And I say good luck to him as he deserved that money. I wouldn’t mind if he did the exact same thing to the next person and got another note. He wasn’t conning me: he was getting me to empathise through that short but powerful story. Far more effective than the ‘spare any change?’ you usually hear. Far more effective also to be walking towards someone, making it more obvious when they ignore you. He may not have realised it but he was very clever, and deserved all the luck he got. I have respect for that man, and am sure I will see him again in Reading soon. Whether he recognises me is another matter.
The fact is, stories work. Perhaps it has something to do with our childhood, and the place stories hold. Our earliest memories are often lying in bed listening to our mother or father read a bedtime story. Homer knew the power of stories: the adventures of Odysseus had been told orally for generations before he wrote them down. We need stories in our lives: from the promises of adverts through to the Hollywood blockbuster, stories entertain us, instruct us, and offer us examples of how to react when confronted by all that life can throw at us. The storyteller has played a dominant role in human society: before the advent of the Gutenberg Bible and a population educated enough to read it, it was the Priest who told his congregation stories of faith and sacrifice, and it was the stained glass windows of churches and cathedrals that illustrated these. It is no wonder that we can be moved so quickly by such simple narratives. I am hungry and you are not. I am smelly and you are not. You have a bed for the night, I do not.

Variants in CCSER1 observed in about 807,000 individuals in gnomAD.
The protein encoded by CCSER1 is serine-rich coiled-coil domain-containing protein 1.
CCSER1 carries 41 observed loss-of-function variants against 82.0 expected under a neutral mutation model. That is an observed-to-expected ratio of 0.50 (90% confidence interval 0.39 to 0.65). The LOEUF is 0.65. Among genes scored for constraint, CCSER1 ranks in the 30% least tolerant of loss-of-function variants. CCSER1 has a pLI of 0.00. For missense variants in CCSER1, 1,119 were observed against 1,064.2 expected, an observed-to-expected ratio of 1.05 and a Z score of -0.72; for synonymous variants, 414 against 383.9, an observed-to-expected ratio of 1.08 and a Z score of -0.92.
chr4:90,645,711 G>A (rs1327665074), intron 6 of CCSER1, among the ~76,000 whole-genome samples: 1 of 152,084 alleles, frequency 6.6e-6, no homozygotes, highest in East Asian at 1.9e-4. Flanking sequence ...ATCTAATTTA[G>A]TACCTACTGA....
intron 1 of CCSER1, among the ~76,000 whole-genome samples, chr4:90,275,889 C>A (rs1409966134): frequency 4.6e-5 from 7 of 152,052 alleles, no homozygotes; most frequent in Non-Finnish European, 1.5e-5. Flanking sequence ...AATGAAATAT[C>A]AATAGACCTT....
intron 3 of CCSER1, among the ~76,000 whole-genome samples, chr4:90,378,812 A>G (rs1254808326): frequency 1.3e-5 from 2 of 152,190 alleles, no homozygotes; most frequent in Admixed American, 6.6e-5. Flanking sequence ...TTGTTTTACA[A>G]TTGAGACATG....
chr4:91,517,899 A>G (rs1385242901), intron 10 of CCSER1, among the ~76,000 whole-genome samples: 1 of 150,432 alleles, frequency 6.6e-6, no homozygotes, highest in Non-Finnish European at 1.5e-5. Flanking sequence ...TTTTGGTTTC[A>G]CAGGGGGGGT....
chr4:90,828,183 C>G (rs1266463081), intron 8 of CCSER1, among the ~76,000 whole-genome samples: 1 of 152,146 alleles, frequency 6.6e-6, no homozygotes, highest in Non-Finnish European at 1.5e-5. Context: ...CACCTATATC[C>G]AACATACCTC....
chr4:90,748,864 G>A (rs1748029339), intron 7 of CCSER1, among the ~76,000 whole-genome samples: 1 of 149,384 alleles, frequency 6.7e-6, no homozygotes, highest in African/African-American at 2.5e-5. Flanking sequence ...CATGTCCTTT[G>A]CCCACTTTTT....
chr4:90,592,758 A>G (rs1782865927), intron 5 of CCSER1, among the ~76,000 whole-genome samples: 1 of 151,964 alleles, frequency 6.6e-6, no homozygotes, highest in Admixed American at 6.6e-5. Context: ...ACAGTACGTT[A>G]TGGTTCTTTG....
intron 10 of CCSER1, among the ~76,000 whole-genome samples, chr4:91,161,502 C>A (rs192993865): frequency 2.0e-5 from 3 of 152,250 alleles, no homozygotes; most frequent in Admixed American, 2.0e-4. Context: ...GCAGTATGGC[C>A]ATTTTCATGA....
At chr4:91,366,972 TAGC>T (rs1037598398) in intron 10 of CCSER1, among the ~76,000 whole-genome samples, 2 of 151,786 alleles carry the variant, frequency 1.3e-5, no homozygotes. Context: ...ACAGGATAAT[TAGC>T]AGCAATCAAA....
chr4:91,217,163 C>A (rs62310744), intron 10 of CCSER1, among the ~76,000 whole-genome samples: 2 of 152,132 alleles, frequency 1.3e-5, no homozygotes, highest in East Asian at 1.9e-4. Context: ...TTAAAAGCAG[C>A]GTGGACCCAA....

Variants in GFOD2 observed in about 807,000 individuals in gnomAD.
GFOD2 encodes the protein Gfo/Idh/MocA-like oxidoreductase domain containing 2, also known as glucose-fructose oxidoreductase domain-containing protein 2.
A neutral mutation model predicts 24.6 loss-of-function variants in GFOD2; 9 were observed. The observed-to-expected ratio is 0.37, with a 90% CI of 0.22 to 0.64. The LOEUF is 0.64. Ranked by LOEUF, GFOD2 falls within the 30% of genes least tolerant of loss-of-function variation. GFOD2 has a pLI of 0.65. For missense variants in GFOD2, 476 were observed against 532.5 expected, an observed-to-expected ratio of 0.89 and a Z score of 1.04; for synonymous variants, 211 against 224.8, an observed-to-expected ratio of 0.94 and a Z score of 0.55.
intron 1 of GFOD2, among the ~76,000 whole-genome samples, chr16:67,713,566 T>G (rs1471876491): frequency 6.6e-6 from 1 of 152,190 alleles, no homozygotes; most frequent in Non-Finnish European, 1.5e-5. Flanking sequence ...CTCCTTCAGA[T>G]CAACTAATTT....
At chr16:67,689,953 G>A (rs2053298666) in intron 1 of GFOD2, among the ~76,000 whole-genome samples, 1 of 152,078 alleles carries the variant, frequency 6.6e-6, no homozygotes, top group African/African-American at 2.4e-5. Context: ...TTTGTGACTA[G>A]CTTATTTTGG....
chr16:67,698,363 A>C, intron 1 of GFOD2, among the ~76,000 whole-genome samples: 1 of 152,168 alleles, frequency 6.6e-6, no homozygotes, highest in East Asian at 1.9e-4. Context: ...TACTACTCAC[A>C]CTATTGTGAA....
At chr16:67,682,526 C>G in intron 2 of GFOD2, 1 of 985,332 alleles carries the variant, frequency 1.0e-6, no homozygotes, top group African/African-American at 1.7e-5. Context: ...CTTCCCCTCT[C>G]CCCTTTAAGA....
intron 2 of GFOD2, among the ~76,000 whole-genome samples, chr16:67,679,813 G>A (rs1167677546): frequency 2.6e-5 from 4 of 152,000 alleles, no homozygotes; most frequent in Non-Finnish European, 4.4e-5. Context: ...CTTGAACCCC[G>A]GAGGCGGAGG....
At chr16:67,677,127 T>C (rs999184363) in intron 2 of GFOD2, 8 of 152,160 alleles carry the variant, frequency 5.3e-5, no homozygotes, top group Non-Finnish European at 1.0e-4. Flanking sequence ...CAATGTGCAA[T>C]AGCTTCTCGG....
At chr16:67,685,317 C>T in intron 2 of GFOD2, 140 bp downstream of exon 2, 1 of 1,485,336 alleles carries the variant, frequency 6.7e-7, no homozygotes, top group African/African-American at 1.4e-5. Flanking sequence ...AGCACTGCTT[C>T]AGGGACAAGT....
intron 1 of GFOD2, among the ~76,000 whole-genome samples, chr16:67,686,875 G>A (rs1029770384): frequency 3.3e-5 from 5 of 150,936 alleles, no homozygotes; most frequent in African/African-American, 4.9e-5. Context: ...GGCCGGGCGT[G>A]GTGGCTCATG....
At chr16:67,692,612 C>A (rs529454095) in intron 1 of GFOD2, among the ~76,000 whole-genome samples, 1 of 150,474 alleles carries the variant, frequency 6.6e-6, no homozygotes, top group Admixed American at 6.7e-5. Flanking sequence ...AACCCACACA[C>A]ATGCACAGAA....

As educators, we are in a powerful position as storytellers. We can use the power of tales told by others to help guide the children in our care. We can use our own experience to offer examples of how to act, and how not to. Above all, we can use the structure of storytelling to hook them into learning, giving our students a suggestion of what new knowledge and understanding can unlock for them before guiding them through this learning towards a conclusion that resonates with them. The man I met on Christchurch Meadow last week had been let down by his parents, his school, and society in general. No one wants to end up on the street. But perhaps somewhere in his past he had a storyteller, and perhaps this gift for hooking people in quickly was passed down to him. I only hope he has more positive ways of using this gift in the future.